Besides 2 BBQs, there were no other culinary facilities, so you have to drive down to Ganges for groceries and restaurants. The first restaurant at the marina we tried (Moby’s Pub) was not a success because, after 7pm, no minors were allowed to be in the building. The second restaurant we tried, The Tree House Cafe, was far too busy also due to the live band on their patio, so so that we finally end up at next door’s burger bar, Burger Bar 537 (106 Purvis Ln). This time Chantal was convinced going there by the presence of burgers on the menu (the vegetarian Beyond Meat burger that is). The kids had the Classic Cheese Burger (Cheddar cheese, crispy lettuce, tomato & red onion) with extra thick-cut Bacon for, $17.50. I chose the Hangover Burger (Sunnyside up egg, bacon, and cheddar, crispy lettuce, tomato, and red onion; $21). The burgers were reasonably pricy, but very tasty, as were the onion rings that we subbed for the regular fries. In anticipation of the visit of the brewery the next day, we washed them down with the delicious IPAs of Salt Spring Island Ales.

After a good night’s sleep, we had early lunch at El Loco Taco (106 Lower Ganges Road), which is located in a cool former gas station/repair shop converted into a Mexican restaurant. There are indoor and outdoor seats for the take-out counter, but you also have a separate patio with service. It seems to be a popular place to grab some food before heading to the docks to catch one of the ferries back to Vancouver Island, as it went from super crowded to almost empty in just 15 minutes.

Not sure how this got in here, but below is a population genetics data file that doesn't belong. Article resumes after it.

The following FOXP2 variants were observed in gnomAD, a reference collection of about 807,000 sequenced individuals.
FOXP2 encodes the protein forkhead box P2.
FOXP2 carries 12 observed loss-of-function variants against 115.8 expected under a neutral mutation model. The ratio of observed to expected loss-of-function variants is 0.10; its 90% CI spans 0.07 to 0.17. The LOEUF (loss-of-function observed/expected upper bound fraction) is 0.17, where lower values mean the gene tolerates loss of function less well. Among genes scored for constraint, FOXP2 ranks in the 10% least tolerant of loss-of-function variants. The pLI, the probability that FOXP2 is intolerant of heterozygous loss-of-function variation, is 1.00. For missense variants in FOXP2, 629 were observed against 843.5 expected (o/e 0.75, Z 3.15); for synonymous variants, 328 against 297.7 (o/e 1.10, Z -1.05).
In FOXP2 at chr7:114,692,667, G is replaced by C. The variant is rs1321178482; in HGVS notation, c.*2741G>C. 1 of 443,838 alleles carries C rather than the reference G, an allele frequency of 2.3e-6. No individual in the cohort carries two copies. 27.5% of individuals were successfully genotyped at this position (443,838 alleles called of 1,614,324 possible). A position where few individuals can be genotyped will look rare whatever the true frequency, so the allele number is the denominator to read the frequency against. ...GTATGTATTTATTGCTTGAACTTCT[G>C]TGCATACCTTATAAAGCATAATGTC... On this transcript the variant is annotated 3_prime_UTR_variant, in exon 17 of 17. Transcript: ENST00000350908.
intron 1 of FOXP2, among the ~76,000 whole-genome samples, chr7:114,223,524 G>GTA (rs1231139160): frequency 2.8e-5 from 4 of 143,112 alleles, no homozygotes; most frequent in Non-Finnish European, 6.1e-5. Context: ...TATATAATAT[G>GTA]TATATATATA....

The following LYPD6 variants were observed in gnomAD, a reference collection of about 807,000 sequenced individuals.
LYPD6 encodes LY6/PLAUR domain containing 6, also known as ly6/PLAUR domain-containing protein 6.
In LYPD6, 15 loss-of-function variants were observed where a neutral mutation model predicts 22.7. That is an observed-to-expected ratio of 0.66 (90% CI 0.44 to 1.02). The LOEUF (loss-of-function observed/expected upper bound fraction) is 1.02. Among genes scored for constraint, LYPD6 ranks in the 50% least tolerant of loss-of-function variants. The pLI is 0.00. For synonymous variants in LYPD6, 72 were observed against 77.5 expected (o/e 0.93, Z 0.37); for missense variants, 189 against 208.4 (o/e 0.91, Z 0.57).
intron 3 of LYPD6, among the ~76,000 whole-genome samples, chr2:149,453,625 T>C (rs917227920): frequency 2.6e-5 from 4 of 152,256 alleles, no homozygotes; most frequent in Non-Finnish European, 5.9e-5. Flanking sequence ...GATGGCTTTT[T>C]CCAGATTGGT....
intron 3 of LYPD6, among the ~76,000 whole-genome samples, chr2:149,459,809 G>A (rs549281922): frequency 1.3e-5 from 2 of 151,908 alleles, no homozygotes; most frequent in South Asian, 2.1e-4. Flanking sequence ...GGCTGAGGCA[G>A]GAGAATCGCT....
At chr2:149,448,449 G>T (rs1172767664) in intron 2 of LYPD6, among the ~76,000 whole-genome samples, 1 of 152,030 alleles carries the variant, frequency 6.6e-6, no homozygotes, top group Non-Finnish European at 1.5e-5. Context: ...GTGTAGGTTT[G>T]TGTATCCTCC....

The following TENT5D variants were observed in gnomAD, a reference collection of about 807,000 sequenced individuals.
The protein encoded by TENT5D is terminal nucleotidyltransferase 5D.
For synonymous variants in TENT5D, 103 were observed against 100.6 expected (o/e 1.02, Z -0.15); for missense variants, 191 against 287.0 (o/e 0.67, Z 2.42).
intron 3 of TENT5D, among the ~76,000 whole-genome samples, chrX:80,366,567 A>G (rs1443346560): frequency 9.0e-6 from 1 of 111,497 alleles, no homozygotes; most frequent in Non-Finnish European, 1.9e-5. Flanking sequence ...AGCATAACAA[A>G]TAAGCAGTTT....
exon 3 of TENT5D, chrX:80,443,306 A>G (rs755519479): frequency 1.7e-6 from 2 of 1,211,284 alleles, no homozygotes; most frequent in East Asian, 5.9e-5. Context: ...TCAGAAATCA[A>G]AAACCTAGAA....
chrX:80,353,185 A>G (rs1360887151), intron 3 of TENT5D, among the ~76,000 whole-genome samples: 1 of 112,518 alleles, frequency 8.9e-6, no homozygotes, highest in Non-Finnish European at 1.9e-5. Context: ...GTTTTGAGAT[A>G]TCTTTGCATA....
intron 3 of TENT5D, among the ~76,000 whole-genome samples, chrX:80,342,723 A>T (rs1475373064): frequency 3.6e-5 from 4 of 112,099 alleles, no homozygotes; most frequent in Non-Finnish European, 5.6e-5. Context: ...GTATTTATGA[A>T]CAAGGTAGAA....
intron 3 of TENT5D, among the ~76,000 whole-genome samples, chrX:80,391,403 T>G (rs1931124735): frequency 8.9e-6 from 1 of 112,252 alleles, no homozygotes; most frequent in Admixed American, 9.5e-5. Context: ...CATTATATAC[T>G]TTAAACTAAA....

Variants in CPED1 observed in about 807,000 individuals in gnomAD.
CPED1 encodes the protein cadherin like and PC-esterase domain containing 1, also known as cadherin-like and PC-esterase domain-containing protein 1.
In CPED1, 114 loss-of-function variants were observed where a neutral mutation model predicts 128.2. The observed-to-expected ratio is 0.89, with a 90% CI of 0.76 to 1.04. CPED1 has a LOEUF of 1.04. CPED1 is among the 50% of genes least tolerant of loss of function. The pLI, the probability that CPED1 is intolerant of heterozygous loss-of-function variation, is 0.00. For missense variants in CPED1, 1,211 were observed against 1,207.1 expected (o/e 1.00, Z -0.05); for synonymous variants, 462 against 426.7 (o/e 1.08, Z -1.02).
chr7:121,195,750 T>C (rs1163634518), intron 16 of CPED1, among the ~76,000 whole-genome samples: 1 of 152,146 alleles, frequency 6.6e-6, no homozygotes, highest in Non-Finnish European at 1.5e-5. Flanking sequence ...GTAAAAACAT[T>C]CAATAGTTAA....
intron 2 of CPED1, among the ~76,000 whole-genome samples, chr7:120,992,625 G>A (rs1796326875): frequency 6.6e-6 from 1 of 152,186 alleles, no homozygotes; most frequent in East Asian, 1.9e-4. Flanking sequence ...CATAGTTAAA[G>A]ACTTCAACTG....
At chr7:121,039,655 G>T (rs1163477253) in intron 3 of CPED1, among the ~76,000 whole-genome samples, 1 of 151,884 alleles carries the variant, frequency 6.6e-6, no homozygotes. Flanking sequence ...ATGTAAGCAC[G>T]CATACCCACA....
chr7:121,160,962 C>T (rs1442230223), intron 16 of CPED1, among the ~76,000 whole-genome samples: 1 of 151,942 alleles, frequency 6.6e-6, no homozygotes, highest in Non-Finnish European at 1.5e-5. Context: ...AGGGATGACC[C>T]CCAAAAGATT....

The food was delicious and the service, albeit a bit unorganized due to last-minute replacements for staff not showing up, but super friendly. We had some Chips and Salsa to figure out what to have. Chantal went for the Tofu Tacos with Cheese and Guacamole. Chicken quesadillas were chosen by the kids, and I opted for the Jalapeno Poppers and Chicken Taquitos. As the temperature was already quite high and the salsas fiery, we had some Tiger Shark APAs from Phillips Brewing Company in Victoria, BC to quench the heat.

In combination with the beautiful weather, we got a real “holiday feeling” from Salt Spring Island. It is small (only 27x14km / 17×9 miles, and only 10,000 inhabitants), laid back as well as back to basics (no traffic lights, one big supermarket, 2 gas stations, 4 ports and hardly any cell phone reception on the entire island), so you can take in the beautiful bucolic pastures, back roads, as well as the peaks up to 700 meters. Yet it was not particularly touristy, even in summer. Chantal had a theory that islanders already have some special pride, sense of self-sufficiency, and urge to prove themselves. As a consequence, there is relatively more craft and artisanal activity than on the mainland. I think that is correct for Salt Spring Island because you can see artisans and roadside stands almost everywhere. In addition to the standard abundant range of fruit, vegetables, and eggs, we have also seen figs, pesto, coffee beans, pork sausages and chops (in freezers) and horse manure (for the garden we hope) on offer.